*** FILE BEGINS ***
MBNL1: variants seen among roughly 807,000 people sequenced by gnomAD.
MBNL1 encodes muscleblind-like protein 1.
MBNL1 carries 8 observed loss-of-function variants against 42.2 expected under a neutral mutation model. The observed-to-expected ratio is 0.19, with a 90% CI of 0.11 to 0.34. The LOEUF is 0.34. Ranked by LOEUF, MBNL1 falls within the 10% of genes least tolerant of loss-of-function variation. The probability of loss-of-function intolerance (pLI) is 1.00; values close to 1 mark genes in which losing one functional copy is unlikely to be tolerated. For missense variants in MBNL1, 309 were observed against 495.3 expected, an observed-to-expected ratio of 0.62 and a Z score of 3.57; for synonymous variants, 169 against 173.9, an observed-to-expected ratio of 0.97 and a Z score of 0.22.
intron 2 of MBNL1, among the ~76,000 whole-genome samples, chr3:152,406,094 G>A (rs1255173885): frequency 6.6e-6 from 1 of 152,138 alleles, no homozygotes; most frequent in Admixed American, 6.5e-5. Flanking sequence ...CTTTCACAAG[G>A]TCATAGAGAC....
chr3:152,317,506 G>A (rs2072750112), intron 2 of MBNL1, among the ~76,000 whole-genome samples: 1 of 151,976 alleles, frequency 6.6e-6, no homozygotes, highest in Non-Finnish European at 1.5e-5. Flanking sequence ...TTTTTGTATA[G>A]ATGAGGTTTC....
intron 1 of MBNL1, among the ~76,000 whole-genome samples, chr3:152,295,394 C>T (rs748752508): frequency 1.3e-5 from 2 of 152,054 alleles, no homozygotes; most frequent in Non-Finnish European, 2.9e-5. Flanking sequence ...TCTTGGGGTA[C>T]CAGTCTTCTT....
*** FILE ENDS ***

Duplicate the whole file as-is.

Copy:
MBNL1: variants seen among roughly 807,000 people sequenced by gnomAD.
MBNL1 encodes muscleblind-like protein 1.
MBNL1 carries 8 observed loss-of-function variants against 42.2 expected under a neutral mutation model. The observed-to-expected ratio is 0.19, with a 90% CI of 0.11 to 0.34. The LOEUF is 0.34. Ranked by LOEUF, MBNL1 falls within the 10% of genes least tolerant of loss-of-function variation. The probability of loss-of-function intolerance (pLI) is 1.00; values close to 1 mark genes in which losing one functional copy is unlikely to be tolerated. For missense variants in MBNL1, 309 were observed against 495.3 expected, an observed-to-expected ratio of 0.62 and a Z score of 3.57; for synonymous variants, 169 against 173.9, an observed-to-expected ratio of 0.97 and a Z score of 0.22.
intron 2 of MBNL1, among the ~76,000 whole-genome samples, chr3:152,406,094 G>A (rs1255173885): frequency 6.6e-6 from 1 of 152,138 alleles, no homozygotes; most frequent in Admixed American, 6.5e-5. Flanking sequence ...CTTTCACAAG[G>A]TCATAGAGAC....
chr3:152,317,506 G>A (rs2072750112), intron 2 of MBNL1, among the ~76,000 whole-genome samples: 1 of 151,976 alleles, frequency 6.6e-6, no homozygotes, highest in Non-Finnish European at 1.5e-5. Flanking sequence ...TTTTTGTATA[G>A]ATGAGGTTTC....
intron 1 of MBNL1, among the ~76,000 whole-genome samples, chr3:152,295,394 C>T (rs748752508): frequency 1.3e-5 from 2 of 152,054 alleles, no homozygotes; most frequent in Non-Finnish European, 2.9e-5. Flanking sequence ...TCTTGGGGTA[C>T]CAGTCTTCTT....